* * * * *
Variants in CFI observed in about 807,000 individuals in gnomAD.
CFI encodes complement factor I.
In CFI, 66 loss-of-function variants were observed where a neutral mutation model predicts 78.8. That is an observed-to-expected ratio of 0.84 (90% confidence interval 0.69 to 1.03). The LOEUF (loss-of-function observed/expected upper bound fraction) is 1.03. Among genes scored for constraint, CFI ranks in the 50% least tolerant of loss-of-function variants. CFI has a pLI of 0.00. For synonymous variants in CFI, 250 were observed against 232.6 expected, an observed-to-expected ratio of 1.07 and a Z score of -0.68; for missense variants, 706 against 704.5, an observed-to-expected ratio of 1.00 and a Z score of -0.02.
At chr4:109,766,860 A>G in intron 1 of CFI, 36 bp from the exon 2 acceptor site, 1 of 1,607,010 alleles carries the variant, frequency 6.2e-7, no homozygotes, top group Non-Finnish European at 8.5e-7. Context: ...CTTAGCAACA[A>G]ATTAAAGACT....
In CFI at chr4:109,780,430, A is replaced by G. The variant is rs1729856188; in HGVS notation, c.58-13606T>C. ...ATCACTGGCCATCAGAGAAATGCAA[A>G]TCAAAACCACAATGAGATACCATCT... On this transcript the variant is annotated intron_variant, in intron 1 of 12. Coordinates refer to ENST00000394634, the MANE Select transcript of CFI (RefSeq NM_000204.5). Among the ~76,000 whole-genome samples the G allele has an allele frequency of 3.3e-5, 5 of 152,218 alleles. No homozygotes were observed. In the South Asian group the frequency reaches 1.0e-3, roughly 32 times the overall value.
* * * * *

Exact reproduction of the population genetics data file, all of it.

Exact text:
Variants in CFI observed in about 807,000 individuals in gnomAD.
CFI encodes complement factor I.
In CFI, 66 loss-of-function variants were observed where a neutral mutation model predicts 78.8. That is an observed-to-expected ratio of 0.84 (90% confidence interval 0.69 to 1.03). The LOEUF (loss-of-function observed/expected upper bound fraction) is 1.03. Among genes scored for constraint, CFI ranks in the 50% least tolerant of loss-of-function variants. CFI has a pLI of 0.00. For synonymous variants in CFI, 250 were observed against 232.6 expected, an observed-to-expected ratio of 1.07 and a Z score of -0.68; for missense variants, 706 against 704.5, an observed-to-expected ratio of 1.00 and a Z score of -0.02.
At chr4:109,766,860 A>G in intron 1 of CFI, 36 bp from the exon 2 acceptor site, 1 of 1,607,010 alleles carries the variant, frequency 6.2e-7, no homozygotes, top group Non-Finnish European at 8.5e-7. Context: ...CTTAGCAACA[A>G]ATTAAAGACT....
In CFI at chr4:109,780,430, A is replaced by G. The variant is rs1729856188; in HGVS notation, c.58-13606T>C. ...ATCACTGGCCATCAGAGAAATGCAA[A>G]TCAAAACCACAATGAGATACCATCT... On this transcript the variant is annotated intron_variant, in intron 1 of 12. Coordinates refer to ENST00000394634, the MANE Select transcript of CFI (RefSeq NM_000204.5). Among the ~76,000 whole-genome samples the G allele has an allele frequency of 3.3e-5, 5 of 152,218 alleles. No homozygotes were observed. In the South Asian group the frequency reaches 1.0e-3, roughly 32 times the overall value.